Once you have named your Case Type, you must decide what needs to happen with your case, in very much the same way that you decide additional steps with your Case Actions. This means thinking through your own process and identifying key actors and actions that need to happen so that your case is successful. You need to ask yourself who, what, when, and which documents are generally needed at each step of your case. Once you have this basis, then you can add a workflow that will help you construct the backbone of your case. The workflow will be established for all cases of the same type.
For example, if your office takes Asylum cases, a quick way to start may look like this:
Every time you use this Case Type , the result would be:
Note that in this example, the case actions: Call EOIR#, Reminder, and FOIA have all been created to behave as a Task (turquoise color). This is why they can be assigned to a user. However, if they were notes, you would not have the option to assign them.
Similarly to the triggers in Case Actions, you can also set a date for the steps that happen within a workflow by entering a number of days and then choosing after or before. In the case of Case Types, the reference date of after or before will depend on the day you opened the case.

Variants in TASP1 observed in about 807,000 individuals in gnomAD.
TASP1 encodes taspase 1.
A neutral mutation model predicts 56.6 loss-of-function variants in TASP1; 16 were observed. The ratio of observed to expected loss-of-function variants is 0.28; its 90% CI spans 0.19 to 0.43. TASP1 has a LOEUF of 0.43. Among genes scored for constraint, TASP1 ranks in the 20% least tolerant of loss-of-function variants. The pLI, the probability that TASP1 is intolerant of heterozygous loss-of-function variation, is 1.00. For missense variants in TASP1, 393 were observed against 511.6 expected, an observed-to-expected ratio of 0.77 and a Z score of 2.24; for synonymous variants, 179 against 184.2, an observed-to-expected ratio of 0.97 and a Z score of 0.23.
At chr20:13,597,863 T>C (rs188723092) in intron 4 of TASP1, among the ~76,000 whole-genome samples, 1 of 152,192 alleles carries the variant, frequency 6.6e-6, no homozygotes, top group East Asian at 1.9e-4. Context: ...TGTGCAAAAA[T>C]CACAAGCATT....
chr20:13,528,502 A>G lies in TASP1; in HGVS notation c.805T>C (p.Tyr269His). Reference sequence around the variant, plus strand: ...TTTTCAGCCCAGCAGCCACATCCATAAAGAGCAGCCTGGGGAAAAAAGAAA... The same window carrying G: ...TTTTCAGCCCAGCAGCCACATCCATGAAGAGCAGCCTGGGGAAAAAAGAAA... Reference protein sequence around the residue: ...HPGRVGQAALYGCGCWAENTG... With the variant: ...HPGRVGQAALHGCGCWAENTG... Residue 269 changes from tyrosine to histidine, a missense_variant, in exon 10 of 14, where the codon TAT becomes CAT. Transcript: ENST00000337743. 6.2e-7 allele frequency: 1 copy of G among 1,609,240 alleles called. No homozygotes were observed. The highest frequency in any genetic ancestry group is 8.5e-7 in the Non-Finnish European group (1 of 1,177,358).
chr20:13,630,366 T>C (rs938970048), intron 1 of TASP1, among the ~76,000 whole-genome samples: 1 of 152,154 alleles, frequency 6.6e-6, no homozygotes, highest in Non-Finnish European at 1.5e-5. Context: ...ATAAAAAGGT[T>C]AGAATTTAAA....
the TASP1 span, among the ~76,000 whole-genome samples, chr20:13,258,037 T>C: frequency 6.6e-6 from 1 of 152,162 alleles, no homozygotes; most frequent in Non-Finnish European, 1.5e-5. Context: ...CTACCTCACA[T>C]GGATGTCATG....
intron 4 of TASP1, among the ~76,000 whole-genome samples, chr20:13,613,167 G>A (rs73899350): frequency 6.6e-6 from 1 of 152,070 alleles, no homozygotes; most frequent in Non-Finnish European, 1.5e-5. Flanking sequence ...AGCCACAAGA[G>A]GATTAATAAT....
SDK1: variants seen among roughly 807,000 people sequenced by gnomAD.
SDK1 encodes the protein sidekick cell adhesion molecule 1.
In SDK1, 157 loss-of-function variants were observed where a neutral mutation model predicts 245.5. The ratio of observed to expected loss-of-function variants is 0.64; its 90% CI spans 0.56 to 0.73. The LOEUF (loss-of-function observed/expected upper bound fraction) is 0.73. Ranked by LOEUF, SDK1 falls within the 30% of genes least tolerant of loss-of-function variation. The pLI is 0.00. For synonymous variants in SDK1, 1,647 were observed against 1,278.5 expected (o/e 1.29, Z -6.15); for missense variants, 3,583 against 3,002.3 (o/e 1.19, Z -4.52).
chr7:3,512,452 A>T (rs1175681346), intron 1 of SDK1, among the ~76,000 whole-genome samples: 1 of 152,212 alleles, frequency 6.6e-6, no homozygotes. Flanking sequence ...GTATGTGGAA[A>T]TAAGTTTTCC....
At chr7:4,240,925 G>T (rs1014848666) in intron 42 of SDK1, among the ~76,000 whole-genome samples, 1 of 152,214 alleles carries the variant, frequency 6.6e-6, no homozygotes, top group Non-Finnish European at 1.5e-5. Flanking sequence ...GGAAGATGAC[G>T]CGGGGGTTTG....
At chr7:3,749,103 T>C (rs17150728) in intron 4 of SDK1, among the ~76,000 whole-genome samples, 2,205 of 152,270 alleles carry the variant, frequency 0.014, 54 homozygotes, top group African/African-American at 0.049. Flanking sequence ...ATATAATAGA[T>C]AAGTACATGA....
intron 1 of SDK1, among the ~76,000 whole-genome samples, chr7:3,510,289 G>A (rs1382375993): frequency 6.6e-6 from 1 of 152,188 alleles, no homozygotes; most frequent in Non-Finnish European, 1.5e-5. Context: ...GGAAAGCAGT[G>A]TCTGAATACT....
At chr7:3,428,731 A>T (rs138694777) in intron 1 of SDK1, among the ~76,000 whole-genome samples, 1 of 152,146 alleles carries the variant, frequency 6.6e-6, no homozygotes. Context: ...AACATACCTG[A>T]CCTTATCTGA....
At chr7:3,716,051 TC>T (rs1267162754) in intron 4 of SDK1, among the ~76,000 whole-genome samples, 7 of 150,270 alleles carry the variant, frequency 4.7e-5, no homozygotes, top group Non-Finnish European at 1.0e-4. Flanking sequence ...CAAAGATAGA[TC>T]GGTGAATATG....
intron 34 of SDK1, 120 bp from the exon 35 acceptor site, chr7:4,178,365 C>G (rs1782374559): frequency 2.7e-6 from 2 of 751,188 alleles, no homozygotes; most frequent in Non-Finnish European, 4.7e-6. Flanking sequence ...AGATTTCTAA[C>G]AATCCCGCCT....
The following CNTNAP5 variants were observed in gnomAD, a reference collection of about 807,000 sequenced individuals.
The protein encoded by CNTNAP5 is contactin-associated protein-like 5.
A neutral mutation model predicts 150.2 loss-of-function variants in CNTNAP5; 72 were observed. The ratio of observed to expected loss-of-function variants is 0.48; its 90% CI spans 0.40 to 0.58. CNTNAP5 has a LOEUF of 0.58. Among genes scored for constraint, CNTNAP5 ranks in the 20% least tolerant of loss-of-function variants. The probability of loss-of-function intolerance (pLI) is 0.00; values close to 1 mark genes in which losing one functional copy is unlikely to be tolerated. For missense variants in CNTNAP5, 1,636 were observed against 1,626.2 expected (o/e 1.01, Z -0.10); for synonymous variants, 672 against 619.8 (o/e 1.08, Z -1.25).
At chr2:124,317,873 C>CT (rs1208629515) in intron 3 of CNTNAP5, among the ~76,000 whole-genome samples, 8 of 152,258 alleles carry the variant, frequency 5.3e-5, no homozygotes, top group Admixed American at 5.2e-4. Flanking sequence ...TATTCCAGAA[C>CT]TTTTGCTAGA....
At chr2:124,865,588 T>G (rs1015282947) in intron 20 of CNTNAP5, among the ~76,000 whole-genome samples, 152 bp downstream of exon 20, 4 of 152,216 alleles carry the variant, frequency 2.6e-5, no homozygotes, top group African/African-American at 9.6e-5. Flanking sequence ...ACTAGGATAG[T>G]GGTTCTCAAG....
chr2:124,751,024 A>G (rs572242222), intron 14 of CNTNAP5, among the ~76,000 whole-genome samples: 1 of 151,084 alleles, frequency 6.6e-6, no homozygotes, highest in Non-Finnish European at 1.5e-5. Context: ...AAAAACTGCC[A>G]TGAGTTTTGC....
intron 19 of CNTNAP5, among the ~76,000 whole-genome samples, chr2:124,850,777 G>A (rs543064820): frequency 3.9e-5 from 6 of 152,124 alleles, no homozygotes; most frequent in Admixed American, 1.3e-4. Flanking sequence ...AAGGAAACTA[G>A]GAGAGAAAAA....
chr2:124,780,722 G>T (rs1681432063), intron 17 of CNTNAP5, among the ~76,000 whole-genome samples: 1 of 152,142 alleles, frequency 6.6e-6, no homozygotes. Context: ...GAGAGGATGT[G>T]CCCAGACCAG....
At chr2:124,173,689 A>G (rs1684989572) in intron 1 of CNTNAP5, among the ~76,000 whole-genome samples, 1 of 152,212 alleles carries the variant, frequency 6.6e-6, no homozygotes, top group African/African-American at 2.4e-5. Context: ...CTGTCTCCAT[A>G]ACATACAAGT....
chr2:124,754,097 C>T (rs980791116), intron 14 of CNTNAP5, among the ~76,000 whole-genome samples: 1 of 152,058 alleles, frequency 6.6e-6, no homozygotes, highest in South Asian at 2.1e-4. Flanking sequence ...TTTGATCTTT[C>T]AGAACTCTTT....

Workflows can be as extensive as you need them to be, and they can contain many case actions. Be careful not to create workflows that have case actions too far in the future, as things can happen that may affect the expected result. Let’s see for example a case of U-visa Certificate:
In this case, every time you start a U-Visa Certificate case for a client, these tasks and notes will prepopulate your case, setting things in motion for a successful outcome. If the signature of the certificate gets delayed, then your projected date (180 days after the case was started) will be offset. If that’s the case, you can always adjust the dates (and assignees in the case of tasks and appointments) directly in the docket.